The day the ads disappeared: Google outage “cost advertisers thousands per hour”

Many Google users enjoyed ad-free browsing for several hours last Thursday... and advertisers lost crucial pre-Christmas traffic. Is the ad industry still too reliant on the tech giants?

Google Ad Manager went down for three hours last week, reportedly costing news publishers thousands of dollars an hour.

The world’s leading search engine updated users after the error was noticed and reported that they were investigating user-reported ‘issues with Google Ad Manager’.

"The issue with Google Ad Manager has been resolved and ad serving has now been restored for the affected users,” Google said in a tweet on Thursday evening. “We apologize for the inconvenience.”

One source told Reuters that the lost revenue for a major large news website was thousands of dollars an hour and it was coming during a key revenue period as advertisers promote holiday deals.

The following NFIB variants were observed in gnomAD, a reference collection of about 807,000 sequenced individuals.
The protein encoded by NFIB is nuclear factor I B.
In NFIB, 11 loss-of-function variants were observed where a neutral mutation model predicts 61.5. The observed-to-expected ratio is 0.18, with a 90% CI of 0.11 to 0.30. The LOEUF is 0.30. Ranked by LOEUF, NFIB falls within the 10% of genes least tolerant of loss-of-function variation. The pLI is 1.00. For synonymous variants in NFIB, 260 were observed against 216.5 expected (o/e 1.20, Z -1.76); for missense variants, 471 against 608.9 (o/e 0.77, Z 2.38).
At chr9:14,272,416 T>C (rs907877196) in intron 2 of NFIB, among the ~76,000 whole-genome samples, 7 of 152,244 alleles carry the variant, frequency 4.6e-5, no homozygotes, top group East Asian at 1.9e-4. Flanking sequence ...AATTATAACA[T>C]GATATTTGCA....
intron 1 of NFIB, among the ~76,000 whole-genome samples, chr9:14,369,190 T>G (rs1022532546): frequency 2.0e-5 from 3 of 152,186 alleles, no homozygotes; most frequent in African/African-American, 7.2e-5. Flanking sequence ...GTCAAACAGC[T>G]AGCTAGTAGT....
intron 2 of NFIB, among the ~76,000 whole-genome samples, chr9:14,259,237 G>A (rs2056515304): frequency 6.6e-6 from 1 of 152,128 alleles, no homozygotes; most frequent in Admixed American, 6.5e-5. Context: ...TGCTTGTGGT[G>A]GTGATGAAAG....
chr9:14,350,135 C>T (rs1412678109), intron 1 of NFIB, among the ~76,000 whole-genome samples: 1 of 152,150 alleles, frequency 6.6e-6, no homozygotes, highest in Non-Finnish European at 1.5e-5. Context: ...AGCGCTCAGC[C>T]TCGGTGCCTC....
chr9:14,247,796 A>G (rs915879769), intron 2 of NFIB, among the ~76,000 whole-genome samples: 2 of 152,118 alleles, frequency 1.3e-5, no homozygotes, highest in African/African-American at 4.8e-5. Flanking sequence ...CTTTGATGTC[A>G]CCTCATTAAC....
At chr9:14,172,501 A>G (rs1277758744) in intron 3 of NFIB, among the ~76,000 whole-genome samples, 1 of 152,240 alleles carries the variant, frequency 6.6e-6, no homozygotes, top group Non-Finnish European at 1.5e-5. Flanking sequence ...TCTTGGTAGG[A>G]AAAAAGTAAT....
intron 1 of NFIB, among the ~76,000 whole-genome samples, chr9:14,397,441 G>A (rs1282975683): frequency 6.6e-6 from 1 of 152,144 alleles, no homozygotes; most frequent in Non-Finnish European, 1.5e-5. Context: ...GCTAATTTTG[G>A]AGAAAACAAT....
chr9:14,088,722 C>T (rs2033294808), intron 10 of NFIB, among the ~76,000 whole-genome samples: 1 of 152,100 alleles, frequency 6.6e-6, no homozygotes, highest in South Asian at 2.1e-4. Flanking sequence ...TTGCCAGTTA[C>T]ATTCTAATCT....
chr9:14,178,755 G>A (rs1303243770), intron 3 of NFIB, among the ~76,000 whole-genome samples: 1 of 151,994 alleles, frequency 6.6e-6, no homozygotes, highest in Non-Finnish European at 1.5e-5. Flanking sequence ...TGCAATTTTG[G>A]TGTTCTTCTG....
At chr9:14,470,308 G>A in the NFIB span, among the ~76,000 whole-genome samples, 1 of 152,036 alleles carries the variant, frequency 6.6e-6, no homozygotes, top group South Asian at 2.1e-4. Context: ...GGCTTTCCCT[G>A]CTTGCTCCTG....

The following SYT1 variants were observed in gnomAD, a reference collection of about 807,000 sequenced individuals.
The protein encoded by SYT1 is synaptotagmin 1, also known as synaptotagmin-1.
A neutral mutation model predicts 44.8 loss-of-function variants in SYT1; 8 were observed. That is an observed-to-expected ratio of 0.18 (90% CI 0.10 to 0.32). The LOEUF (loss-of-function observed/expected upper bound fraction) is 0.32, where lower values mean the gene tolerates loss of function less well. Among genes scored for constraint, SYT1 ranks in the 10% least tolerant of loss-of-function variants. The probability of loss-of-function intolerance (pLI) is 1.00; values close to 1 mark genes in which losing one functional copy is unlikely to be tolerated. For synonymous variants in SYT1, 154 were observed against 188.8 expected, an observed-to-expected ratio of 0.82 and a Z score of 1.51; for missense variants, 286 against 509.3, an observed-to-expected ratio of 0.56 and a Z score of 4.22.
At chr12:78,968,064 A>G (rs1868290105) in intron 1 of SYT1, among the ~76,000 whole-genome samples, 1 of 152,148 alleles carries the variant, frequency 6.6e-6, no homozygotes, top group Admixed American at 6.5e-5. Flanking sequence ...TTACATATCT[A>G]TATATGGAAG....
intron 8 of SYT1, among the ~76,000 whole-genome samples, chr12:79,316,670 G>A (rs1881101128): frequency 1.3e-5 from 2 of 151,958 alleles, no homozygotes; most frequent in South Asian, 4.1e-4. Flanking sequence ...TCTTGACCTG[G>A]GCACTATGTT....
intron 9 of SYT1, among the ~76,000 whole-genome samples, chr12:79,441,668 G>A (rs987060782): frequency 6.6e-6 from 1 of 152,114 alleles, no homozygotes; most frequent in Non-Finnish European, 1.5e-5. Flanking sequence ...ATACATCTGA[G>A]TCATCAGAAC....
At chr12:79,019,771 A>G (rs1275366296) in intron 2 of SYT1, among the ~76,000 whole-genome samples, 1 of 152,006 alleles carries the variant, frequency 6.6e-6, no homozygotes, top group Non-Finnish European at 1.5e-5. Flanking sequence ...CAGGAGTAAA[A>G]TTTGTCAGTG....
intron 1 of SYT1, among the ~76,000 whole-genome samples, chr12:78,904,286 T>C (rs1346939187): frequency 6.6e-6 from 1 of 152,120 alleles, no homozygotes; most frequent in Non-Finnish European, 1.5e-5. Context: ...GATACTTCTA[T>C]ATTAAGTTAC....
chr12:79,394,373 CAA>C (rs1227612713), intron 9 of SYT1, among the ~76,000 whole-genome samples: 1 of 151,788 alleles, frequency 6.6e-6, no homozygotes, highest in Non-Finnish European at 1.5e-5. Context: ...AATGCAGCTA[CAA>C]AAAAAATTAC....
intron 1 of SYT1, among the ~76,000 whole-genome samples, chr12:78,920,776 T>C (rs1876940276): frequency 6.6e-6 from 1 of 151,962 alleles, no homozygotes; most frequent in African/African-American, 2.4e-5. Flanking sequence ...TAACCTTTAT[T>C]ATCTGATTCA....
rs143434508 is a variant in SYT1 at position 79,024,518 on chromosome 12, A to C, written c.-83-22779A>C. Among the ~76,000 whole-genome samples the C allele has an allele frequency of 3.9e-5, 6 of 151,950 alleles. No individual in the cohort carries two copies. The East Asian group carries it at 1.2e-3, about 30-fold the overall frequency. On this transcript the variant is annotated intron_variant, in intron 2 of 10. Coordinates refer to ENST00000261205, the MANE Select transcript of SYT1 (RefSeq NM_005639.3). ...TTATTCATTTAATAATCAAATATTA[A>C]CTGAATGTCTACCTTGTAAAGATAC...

In addition, major US news websites including the New York Times, Washington Post, Wall Street Journal and Los Angeles Times were being affected by the issue, according to the report.

During the outage, ads continued to appear on Google's own services such as YouTube. Google Ads platform generates a large chunk of Google’s revenue, generating a huge $54.48bn in the first quarter of this year.

To put that into perspective, they made a total of $69.09bn in the same quarter in total.

“Shifting from walled gardens to the open web”

Commenting on the outage, Michael Nevins, CMO, Equativ saw the news is further proof that monopolies are bad for everyone – both advertisers and publishers – and why the industry needs to move towards more independent players that can provide the transparency and control needed to flourish.

“Last week’s outage has demonstrated the way in which monopolies continue to operate to the detriment of all players in the adtech industry," Nevins said. "Not only did advertisers lose sales opportunities, but publishers missed out on critical Q4 revenue — at a time when neither can afford it.

"We’ve already seen publishers start to shift away from tech giants towards independent players, but this black out reinforces the reasons behind such a move; the risks publishers carry when they are over-dependent upon a single provider of their critical infrastructure and revenue.

“Our hope, following this, is that market share will start to be more evenly distributed among players, shifting from walled gardens to the open web, and driving equal opportunities for all.”